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How does Rand Paul’s talking filibuster compare with Senate history?

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Photo - Sen. Strom Thurmond, then a Democrat of South Carolina, went on with his filibuster for over 24 hours.
Sen. Strom Thurmond, then a Democrat of South Carolina, went on with his filibuster for over 24 hours.
Politics,Beltway Confidential,Sean Higgins

As this blog has noted, Sen. Rand Paul, R-Ky, is currently engaged in a rare talking filibuster on the Senate floor right now to protest the administration’s policy on drone strikes on US soil. How long will he have to speak to compare to the chamber’s historic talking filibusters? A long, long time.

The senator started speaking at 11:47 am. He is already showing some signs of wear. “My throat is already dry and I just started,” Paul said at 12:55 pm.

The longest modern one-senator filibuster was done by Sen. Bernie Sanders, I-Vt., back in 2010.  Sanders spoke starting at 10:25 am on Dec. 10 and kept on going until 7 pm, putting it at 8 hours and 37 minutes.

That was nothing compared to some of the historic filibusters though. The record until 1957 was held by Sen. Wayne Morse, D-Ore., in 1953 of 22 hours and 26 minutes. His record was shattered by  South Carolina Senator Strom Thurmond is 1957. That’s him pictured above during his filibuster.

Thurmond, then a Democrat (he later switched to the Republicans), began speaking on the Senate floor at 8:54 pm on August 28 to stop a civil rights bill he opposed. Thurmond did not relinquish the floor until 9:12 pm the following day.
He held the floor for 24 hours, 18 minutes.

How did Thurmond do it? In a word, preparation. He sat in a steam room  earlier in the day to dehydrate himself. That way, when he drank, he wouldn’t have to go to the bathroom as quickly.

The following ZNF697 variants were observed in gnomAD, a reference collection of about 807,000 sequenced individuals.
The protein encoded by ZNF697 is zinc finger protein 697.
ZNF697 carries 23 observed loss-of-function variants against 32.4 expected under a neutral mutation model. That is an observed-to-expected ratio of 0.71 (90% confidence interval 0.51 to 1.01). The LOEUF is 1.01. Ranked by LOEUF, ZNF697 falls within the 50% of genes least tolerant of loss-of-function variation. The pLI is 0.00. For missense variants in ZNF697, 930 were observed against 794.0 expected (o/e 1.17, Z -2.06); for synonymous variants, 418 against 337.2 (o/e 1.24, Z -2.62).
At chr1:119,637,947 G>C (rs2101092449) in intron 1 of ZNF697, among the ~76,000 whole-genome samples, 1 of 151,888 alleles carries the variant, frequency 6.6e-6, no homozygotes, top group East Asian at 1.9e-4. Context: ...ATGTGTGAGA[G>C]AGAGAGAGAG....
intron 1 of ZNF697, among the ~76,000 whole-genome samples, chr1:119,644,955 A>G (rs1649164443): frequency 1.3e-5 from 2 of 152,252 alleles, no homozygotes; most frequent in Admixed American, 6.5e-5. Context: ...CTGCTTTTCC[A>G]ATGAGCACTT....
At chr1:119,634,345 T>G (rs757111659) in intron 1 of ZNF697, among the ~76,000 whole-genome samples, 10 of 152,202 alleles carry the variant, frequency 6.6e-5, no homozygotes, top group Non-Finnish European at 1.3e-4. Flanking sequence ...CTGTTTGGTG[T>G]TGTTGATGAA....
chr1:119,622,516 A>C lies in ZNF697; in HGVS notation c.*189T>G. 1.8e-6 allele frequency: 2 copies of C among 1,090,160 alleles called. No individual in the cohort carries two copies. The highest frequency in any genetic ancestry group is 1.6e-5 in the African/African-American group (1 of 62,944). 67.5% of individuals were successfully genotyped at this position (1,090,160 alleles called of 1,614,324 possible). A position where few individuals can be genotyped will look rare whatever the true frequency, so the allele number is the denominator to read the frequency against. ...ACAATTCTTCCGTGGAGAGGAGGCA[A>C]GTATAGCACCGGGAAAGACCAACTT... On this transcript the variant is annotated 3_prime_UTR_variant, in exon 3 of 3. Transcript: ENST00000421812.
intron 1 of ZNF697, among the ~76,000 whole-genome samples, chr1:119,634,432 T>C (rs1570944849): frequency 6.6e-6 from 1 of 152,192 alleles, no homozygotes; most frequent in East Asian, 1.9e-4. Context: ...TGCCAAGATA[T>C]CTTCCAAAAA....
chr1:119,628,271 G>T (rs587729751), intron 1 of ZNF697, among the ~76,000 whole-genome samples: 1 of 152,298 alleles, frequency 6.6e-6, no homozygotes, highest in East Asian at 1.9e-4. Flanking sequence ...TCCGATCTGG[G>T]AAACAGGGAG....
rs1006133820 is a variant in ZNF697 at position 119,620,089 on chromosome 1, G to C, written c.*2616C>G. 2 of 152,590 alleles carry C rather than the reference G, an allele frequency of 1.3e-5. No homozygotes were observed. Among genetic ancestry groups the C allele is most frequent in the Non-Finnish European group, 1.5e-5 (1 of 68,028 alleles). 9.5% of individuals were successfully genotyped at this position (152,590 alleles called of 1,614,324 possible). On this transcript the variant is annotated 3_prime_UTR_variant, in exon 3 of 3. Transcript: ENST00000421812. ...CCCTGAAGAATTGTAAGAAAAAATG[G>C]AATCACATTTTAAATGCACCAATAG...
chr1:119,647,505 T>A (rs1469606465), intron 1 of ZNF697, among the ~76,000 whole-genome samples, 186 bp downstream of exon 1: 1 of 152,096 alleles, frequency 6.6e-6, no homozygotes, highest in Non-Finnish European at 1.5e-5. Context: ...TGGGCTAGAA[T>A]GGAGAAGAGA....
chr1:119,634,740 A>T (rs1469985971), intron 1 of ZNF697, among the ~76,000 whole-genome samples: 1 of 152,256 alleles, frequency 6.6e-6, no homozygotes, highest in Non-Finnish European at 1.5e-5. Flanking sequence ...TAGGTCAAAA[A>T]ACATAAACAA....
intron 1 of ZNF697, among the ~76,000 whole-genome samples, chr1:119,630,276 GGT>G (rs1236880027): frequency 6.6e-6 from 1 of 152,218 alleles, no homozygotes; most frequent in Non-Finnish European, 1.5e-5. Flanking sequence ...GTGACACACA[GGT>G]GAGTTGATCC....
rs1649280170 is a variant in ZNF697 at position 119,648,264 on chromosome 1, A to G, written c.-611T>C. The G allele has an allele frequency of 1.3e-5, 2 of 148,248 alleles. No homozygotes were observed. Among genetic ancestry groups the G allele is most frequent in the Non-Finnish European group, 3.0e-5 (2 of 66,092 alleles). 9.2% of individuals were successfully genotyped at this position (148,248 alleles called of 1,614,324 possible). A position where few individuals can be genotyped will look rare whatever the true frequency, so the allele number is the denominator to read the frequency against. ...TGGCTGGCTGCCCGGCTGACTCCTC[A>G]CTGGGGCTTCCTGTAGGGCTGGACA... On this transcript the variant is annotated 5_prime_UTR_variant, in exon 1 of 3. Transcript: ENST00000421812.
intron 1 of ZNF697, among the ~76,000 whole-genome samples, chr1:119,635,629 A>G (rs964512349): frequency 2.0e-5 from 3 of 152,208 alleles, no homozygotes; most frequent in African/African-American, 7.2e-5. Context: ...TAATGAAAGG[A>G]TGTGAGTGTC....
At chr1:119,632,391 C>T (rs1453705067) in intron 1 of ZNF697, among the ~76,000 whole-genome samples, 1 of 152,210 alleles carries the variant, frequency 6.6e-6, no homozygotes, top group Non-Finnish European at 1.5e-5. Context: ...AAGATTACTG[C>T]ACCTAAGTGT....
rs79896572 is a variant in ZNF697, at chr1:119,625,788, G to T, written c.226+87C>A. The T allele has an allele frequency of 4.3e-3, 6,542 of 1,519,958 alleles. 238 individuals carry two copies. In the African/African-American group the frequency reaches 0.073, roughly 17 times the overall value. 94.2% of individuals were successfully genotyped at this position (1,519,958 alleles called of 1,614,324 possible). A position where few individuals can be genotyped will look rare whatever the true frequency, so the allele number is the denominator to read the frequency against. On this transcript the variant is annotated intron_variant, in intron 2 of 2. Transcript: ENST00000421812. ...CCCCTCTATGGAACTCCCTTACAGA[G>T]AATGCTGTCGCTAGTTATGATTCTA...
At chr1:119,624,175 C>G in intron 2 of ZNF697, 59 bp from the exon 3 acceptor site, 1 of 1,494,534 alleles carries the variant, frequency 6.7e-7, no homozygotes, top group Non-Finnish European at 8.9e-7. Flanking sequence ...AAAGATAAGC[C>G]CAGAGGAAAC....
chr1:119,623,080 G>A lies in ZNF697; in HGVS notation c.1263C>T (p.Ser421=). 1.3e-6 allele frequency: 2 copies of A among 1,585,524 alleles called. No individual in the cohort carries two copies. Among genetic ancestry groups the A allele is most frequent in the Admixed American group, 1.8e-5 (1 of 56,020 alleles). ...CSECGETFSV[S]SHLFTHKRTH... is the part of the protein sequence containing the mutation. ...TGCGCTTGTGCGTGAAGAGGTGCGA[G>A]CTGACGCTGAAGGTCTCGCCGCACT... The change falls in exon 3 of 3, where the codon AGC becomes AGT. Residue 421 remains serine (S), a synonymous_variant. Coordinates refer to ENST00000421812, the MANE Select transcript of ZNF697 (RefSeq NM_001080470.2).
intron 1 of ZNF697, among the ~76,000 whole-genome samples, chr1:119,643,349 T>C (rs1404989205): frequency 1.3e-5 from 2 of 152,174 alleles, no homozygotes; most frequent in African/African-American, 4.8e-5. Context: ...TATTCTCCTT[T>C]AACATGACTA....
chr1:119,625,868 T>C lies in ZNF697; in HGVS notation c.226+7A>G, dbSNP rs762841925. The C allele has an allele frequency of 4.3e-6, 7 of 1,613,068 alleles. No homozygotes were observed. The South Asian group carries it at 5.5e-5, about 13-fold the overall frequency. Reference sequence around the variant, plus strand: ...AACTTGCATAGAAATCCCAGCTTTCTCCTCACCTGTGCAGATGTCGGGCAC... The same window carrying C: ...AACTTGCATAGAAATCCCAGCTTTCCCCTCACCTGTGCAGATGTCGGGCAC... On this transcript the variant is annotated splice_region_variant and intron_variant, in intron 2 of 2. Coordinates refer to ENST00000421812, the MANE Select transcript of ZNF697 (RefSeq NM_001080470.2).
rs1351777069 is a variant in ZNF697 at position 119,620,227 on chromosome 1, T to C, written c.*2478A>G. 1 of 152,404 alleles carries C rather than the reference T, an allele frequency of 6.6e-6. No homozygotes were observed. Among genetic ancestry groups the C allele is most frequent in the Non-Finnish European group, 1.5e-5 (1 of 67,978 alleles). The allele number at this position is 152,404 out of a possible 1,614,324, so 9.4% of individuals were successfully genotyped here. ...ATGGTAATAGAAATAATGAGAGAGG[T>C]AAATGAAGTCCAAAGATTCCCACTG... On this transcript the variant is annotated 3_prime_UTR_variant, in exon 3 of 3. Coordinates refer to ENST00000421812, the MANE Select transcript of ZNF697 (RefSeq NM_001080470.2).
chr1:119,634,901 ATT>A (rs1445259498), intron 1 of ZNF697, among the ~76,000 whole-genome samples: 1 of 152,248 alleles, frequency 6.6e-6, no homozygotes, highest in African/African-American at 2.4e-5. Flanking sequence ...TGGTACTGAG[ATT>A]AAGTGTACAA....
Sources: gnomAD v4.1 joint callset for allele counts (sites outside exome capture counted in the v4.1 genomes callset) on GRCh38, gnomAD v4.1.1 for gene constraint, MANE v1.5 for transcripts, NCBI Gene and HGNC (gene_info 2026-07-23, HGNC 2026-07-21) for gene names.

An Associated Press story after Thurmond’s death in 2003 noted:

The senator, armed with throat lozenges and malted milk tablets, recited the voting rights laws of every state to show adequate protection existed. He also recited the Declaration of Independence and launched into a history of Anglo-Saxon juries to counter the bill’s proposal to allow judges to punish cases of civil contempt without a jury trial.

“Thurmond’s effort was a lesson in voice conservation,” the AP reported. “At times he spoke so quietly that he appeared to be mumbling to himself. At other times his voice rang loud and clear across the Senate floor.”

Though most Southerners did not help him, Northern senators at times asked Thurmond questions so he could rest his voice. Some minor infractions of Senate rules also were overlooked so he could keep the floor. He was allowed to sit while others made short remarks. During one interruption, Thurmond even gobbled a sandwich in the cloakroom.

Thurmond hoped that once word got out about his filibuster, Southerners would rally and urge their own senators on, Cohodas wrote. But the marathon talk swayed no votes and Thurmond wound down and “finished strong,” the AP reported.

Incidentally, he failed. The bill passed, 62-15, two hours after Thurmond finished.

To beat Thurmond’s record, Paul will have to speak until 12:14 pm tomorrow.

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Author:

Sean Higgins

Senior Writer
The Washington Examiner